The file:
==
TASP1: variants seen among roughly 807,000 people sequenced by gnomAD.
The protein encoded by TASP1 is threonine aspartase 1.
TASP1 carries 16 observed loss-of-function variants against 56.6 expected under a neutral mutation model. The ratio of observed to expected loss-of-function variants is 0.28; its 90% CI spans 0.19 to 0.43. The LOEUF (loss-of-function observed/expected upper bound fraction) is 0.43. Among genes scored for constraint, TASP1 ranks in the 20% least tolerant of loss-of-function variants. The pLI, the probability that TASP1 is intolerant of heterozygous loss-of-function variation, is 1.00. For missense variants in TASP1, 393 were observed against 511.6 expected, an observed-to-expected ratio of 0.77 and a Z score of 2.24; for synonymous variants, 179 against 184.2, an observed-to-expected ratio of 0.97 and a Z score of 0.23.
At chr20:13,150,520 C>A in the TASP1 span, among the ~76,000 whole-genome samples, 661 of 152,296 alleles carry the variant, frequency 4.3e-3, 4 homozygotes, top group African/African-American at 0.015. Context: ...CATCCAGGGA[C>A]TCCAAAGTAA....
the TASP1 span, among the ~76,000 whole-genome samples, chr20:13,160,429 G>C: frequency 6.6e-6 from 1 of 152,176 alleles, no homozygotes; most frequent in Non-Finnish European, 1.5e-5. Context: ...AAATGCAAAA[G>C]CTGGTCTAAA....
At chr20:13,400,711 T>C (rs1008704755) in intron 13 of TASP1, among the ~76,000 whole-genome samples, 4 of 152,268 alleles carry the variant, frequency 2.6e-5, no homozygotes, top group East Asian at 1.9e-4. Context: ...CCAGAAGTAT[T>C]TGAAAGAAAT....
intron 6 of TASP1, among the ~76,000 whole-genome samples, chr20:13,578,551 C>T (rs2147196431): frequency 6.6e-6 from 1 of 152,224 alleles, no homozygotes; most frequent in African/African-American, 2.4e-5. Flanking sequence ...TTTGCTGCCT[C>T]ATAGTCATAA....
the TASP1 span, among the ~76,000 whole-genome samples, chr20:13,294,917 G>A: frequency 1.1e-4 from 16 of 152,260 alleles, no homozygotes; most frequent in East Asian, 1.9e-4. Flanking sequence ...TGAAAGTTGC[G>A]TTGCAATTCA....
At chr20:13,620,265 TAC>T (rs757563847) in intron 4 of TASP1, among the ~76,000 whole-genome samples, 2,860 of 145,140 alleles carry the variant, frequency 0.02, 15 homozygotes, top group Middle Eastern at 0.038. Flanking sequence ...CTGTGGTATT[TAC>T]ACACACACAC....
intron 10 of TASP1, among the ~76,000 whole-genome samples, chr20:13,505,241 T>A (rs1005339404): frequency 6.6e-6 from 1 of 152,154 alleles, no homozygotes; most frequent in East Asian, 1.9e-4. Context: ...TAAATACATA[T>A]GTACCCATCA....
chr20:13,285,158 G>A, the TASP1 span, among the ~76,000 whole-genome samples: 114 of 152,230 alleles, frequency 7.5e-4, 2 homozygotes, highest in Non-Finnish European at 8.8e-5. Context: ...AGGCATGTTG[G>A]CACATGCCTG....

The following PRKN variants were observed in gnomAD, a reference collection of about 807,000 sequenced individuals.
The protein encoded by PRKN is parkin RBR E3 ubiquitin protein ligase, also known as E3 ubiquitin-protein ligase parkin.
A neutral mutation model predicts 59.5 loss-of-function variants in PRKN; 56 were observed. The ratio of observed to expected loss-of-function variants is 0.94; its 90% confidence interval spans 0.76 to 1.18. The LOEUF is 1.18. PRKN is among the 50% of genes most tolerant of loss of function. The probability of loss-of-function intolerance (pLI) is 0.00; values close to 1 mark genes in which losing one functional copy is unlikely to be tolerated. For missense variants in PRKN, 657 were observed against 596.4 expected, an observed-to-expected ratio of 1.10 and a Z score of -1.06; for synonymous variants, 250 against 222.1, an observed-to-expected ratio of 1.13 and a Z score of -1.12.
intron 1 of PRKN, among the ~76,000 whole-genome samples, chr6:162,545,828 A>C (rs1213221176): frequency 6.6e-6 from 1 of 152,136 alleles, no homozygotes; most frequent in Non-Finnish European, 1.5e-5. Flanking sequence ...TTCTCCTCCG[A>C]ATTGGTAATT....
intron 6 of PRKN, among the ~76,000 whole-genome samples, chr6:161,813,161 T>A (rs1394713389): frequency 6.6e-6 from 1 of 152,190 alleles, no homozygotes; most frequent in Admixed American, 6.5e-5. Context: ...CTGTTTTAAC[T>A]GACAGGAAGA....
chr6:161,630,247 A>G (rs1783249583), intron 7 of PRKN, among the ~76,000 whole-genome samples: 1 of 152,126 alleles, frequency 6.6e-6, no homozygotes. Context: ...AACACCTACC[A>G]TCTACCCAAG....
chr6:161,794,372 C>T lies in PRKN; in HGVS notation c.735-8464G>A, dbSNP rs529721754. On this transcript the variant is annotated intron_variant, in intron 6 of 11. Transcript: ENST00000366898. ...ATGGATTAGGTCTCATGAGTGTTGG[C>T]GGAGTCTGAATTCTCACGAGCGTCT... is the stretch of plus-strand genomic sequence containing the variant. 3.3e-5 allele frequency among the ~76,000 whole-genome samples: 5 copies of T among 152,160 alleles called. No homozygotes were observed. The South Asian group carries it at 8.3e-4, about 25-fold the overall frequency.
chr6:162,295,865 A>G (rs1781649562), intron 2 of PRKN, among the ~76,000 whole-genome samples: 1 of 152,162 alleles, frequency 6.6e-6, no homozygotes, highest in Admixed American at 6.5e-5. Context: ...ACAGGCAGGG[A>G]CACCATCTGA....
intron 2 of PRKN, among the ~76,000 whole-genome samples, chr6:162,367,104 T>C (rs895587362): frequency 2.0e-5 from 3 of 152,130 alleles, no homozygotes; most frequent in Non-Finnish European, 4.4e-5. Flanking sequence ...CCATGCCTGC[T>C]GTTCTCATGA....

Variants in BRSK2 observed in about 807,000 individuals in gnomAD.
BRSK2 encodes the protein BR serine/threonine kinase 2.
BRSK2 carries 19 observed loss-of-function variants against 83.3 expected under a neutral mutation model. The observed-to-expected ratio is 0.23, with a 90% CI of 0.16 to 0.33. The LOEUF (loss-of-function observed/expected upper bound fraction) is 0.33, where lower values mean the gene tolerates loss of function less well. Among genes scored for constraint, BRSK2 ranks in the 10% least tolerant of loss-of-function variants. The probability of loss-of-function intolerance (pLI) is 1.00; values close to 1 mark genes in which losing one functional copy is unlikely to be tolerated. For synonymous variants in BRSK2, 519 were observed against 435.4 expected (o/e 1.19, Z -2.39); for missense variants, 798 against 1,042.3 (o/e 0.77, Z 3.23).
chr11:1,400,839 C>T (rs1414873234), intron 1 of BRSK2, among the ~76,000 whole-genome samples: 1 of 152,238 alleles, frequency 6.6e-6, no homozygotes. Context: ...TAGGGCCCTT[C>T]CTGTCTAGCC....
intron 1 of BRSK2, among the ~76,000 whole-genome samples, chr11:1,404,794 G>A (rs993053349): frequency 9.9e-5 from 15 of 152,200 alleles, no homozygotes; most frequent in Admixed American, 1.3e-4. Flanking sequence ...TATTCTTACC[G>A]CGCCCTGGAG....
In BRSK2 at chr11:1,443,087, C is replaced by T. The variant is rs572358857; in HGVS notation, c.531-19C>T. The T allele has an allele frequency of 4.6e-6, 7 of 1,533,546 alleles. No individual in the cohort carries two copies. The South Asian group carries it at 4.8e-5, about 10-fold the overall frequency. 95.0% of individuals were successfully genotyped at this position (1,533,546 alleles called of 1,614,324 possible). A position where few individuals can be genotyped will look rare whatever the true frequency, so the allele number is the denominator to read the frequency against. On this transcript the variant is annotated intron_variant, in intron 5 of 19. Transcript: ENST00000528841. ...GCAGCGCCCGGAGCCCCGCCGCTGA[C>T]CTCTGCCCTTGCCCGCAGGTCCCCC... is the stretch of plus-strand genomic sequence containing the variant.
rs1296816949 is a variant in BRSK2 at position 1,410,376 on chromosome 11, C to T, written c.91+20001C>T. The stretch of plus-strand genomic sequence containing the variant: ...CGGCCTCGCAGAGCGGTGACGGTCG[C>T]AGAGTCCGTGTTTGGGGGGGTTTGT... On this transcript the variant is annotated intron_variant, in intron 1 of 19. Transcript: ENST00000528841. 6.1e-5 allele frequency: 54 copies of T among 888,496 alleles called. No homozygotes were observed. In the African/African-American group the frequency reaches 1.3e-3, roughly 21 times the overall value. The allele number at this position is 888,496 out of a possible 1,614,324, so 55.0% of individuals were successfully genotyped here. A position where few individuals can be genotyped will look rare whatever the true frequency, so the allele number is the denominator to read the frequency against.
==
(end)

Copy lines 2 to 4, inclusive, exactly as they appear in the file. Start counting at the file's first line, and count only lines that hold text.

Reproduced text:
The protein encoded by TASP1 is threonine aspartase 1.
TASP1 carries 16 observed loss-of-function variants against 56.6 expected under a neutral mutation model. The ratio of observed to expected loss-of-function variants is 0.28; its 90% CI spans 0.19 to 0.43. The LOEUF (loss-of-function observed/expected upper bound fraction) is 0.43. Among genes scored for constraint, TASP1 ranks in the 20% least tolerant of loss-of-function variants. The pLI, the probability that TASP1 is intolerant of heterozygous loss-of-function variation, is 1.00. For missense variants in TASP1, 393 were observed against 511.6 expected, an observed-to-expected ratio of 0.77 and a Z score of 2.24; for synonymous variants, 179 against 184.2, an observed-to-expected ratio of 0.97 and a Z score of 0.23.
At chr20:13,150,520 C>A in the TASP1 span, among the ~76,000 whole-genome samples, 661 of 152,296 alleles carry the variant, frequency 4.3e-3, 4 homozygotes, top group African/African-American at 0.015. Context: ...CATCCAGGGA[C>A]TCCAAAGTAA....